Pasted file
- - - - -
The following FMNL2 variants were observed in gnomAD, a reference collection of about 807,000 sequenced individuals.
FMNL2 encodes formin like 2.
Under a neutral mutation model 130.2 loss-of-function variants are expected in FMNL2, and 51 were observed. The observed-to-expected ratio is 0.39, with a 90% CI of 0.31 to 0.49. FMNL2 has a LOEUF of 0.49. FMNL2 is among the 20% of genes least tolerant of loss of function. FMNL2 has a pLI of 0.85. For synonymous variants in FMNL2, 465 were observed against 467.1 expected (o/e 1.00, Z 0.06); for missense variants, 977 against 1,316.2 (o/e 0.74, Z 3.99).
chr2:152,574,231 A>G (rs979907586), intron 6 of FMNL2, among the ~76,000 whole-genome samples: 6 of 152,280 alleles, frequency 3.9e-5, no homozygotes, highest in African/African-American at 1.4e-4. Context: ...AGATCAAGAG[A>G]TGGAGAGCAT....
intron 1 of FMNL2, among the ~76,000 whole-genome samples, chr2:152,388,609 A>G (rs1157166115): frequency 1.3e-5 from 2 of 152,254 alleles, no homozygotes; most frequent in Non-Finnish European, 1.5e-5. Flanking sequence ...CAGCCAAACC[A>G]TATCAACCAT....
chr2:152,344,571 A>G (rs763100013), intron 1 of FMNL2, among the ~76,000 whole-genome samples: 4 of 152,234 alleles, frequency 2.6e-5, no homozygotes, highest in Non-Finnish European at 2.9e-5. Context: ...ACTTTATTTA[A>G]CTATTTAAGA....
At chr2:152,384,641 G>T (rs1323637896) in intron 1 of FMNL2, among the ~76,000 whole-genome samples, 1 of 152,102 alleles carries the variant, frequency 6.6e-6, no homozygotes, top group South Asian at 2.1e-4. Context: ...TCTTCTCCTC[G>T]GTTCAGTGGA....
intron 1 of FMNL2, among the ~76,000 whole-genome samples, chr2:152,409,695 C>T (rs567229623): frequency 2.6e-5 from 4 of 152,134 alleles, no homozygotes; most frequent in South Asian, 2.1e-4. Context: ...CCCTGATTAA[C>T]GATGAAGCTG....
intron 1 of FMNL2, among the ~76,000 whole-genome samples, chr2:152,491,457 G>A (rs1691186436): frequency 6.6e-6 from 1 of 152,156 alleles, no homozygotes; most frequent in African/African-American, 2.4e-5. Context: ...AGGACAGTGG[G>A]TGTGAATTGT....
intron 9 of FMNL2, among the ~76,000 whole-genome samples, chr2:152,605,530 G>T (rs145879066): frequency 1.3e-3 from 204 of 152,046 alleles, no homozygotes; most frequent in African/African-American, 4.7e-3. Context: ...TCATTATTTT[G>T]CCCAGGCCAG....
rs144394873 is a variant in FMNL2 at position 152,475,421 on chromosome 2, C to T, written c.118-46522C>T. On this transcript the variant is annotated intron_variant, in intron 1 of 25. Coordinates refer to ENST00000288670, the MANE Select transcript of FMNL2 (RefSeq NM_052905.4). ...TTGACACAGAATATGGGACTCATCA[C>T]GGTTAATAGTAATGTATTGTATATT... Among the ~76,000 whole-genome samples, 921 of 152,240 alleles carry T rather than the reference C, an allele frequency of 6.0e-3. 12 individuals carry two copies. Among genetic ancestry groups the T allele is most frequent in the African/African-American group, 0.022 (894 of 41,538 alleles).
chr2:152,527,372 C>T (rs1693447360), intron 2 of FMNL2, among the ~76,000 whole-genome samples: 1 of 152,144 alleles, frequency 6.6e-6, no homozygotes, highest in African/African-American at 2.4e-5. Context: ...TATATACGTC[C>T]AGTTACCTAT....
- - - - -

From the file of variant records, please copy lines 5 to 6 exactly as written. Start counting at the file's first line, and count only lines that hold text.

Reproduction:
intron 1 of FMNL2, among the ~76,000 whole-genome samples, chr2:152,388,609 A>G (rs1157166115): frequency 1.3e-5 from 2 of 152,254 alleles, no homozygotes; most frequent in Non-Finnish European, 1.5e-5. Flanking sequence ...CAGCCAAACC[A>G]TATCAACCAT....
chr2:152,344,571 A>G (rs763100013), intron 1 of FMNL2, among the ~76,000 whole-genome samples: 4 of 152,234 alleles, frequency 2.6e-5, no homozygotes, highest in Non-Finnish European at 2.9e-5. Context: ...ACTTTATTTA[A>G]CTATTTAAGA....